Interview: Tim Allen
Tim Allen has been at Wolff Olins for just over three weeks, as its North American president. Raakhi Chotai caught up with him to talk experience design, context and finding the balance between function and emotion.
You’re a product development guy, moving into a traditional branding agency. Why did you decide to make that move?
What drew me to Wolff Olins was the way that people think here and the way the people partner with clients here. That attitude can be applied to experience design, product design, service design, culture design in much the same way that it’s being applied right now to mainly communication-led artefacts –brand identity and so forth. We will still do a lot of culture, and leadership stuff, that is important. But I think that the lens is shifting from basically passive communication to active participation. It’s thinking about the other end of whatever service I am creating. We’re not designing for passive audiences any more, we’re designing for participants.
Is that a mind-set you picked up at Amazon?
Actually, that’s an attitude that I picked up right out of school. I worked on first person shooters and flight simulators for a small game design company in North Carolina called Interactive Magic. We were blowing up shit all day, which was great. But we were also putting you into a visceral experience through sound design, interaction design, game mechanics, and story levels. It’s what [branding] has to do now emotionally, but actually add value to your life as well. The balance is in function versus emotion, oscillating between both of those. In game design, it’s all about emotion, this guttural feeling of violence, whether you agree with that or not, it’s entertaining for a lot of people.
Then I worked at IBM, which is all about function. That was a company that was desperately craving some emotion to go with that function. I came along there trying to blend game mechanics with enterprise software — polar opposites.
Working at Amazon there are three levels: price, convenience and choice. At Amazon they will tear down an entire segment to make that true, but if someone else does that just a little better, you will go somewhere else because it’s all about function, it’s not about love. There are people there who do realise that and understand that. And there’s no danger of anyone doing something in terms of speed, convenience and choice better than Amazon right now, but if it happened, they would be exposed. So they need to figure out emotionally what they can do to keep you there as well.
You’ve spoken in the past about the challenges of fitting into a user’s context. Why do you think that’s so important?
It’s like the holy grail of relevance. You used to be able to just be relevant, because people were glued to consuming information on television. Now it’s not that easy. You have to understand someone’s life and how you’re going to integrate into it, or you will be discarded.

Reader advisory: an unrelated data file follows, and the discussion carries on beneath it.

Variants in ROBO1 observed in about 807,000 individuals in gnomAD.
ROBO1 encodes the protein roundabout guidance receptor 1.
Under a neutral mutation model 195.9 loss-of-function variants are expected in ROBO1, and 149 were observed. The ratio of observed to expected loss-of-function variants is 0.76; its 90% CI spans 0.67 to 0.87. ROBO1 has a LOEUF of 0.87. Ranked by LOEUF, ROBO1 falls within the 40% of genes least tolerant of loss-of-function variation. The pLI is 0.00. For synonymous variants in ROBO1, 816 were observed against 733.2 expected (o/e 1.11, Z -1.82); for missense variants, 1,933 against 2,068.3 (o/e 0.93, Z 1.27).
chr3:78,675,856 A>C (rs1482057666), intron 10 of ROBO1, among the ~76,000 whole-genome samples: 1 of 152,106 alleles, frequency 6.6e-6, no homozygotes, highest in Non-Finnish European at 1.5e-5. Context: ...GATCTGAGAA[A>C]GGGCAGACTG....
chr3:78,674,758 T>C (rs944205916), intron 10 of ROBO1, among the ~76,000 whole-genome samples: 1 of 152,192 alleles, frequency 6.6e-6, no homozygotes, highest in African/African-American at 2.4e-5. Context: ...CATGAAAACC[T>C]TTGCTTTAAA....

A lot of brand experiences can feel quite contrived. How do you go about making them feel organic?
I basically start with the person. Over 20 years of designing experiences has given me two main rules. The first one is ‘Design things for people.’ The second one is ‘Those people aren’t you.’ That’s the difference between a good or a great product. So if I give my team a brief, you go to the target person. That could be an internal employee, or it could be an external customer. One of the motivations is the context of that brand experience. How can you empower that person? How can you make a person feel like they’re a hero? First, empower them. Then celebrate what you are empowering them to do.
You talk about empowering people. What do you mean by that?
There can be ambiguity around interaction design, experience design and exactly what it is. I think it’s just all about human behaviour, motivation, goals. Human behaviour is just as much about accomplishing things as it is about having emotions. Whether those are tragic emotions or fulfilling emotions, it’s just about accounting for them while you are creating something that is functional.
What do technology led-products offer consumers and brands?
I don’t think about ‘applying technology’ because it’s so ubiquitous. Technology is everything so it’s nothing. Really it’s thinking about services and what you can provide in the context. If the best way to empower someone is via their phone, maybe an app as a way to go, maybe Bluetooth, maybe beacons. If one of those services is a boardroom, how can you empower that person in that context? Technology will play a major role but I don’t limit technology to a website or an app.
Do you think that all brands have a remit to empower people?
The companies I want to work for do.
What about the others?
Of course not. You don’t have to be altruistic in order to empower someone. You can empower someone to spend all their money and feel really great about it, but then there’s consequences to that. You can abuse it. But it’s still power nonetheless, and if the intention is to make money off of that, that’s okay.
(This article was originally published on contagious.com, 12/10/15).